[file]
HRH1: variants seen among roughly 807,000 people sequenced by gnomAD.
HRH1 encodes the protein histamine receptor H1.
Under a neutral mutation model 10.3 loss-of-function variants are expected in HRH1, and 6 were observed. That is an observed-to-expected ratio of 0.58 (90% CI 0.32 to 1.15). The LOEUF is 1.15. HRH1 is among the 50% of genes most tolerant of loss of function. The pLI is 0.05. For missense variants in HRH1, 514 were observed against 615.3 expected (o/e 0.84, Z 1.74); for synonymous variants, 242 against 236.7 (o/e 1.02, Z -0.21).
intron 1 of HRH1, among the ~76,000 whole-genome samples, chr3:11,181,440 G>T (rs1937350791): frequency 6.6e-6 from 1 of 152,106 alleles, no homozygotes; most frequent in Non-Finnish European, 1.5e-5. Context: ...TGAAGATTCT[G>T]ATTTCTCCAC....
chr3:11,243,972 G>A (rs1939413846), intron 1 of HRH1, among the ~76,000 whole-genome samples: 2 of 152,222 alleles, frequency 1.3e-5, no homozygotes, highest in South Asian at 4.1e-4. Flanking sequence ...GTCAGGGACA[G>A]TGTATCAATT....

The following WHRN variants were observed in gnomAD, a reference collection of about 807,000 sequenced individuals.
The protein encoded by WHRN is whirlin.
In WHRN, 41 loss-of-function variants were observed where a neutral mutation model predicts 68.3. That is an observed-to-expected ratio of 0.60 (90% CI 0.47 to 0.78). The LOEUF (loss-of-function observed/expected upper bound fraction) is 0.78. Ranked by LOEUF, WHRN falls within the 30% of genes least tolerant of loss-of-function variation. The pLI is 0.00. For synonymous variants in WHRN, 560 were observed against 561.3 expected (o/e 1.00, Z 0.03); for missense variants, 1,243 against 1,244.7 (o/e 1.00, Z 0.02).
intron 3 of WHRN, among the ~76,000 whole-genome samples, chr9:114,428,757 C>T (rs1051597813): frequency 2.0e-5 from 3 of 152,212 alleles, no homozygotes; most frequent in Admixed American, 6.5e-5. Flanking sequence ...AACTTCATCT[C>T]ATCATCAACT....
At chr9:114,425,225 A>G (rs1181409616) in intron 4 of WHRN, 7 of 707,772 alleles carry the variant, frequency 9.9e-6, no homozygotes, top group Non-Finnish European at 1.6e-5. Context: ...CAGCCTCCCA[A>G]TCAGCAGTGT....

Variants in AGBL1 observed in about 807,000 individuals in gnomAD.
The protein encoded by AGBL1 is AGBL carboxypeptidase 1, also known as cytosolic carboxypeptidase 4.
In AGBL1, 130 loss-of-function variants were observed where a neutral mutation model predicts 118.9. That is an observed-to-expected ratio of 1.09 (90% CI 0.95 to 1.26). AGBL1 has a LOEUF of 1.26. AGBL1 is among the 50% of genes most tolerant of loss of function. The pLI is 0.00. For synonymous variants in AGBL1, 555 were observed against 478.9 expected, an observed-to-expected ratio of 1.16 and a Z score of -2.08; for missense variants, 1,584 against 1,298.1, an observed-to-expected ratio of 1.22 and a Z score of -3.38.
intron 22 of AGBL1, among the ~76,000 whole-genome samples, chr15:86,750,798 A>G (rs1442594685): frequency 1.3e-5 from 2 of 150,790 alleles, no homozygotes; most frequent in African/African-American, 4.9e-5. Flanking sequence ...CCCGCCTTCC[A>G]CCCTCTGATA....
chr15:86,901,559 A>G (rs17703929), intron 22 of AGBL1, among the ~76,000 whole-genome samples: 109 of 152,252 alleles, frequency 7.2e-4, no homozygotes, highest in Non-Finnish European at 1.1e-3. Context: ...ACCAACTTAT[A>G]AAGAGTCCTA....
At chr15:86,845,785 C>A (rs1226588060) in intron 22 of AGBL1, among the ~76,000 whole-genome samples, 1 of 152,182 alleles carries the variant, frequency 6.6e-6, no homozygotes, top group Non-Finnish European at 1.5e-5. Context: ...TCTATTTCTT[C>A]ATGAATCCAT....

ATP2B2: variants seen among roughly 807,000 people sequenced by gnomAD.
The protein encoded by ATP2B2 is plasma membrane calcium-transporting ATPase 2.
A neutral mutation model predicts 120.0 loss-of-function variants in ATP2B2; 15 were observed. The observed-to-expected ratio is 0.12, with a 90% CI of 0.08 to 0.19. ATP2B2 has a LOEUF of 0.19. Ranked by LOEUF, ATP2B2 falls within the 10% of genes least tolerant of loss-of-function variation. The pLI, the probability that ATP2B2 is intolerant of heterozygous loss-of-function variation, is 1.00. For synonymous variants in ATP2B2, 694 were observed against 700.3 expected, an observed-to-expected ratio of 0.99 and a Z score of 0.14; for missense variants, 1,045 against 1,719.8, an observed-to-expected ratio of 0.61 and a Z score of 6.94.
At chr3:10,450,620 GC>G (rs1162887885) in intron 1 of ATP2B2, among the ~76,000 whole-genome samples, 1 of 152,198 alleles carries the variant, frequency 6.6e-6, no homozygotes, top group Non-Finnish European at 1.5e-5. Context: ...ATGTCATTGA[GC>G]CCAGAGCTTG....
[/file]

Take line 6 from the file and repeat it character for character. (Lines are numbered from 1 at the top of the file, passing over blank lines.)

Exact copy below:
The following WHRN variants were observed in gnomAD, a reference collection of about 807,000 sequenced individuals.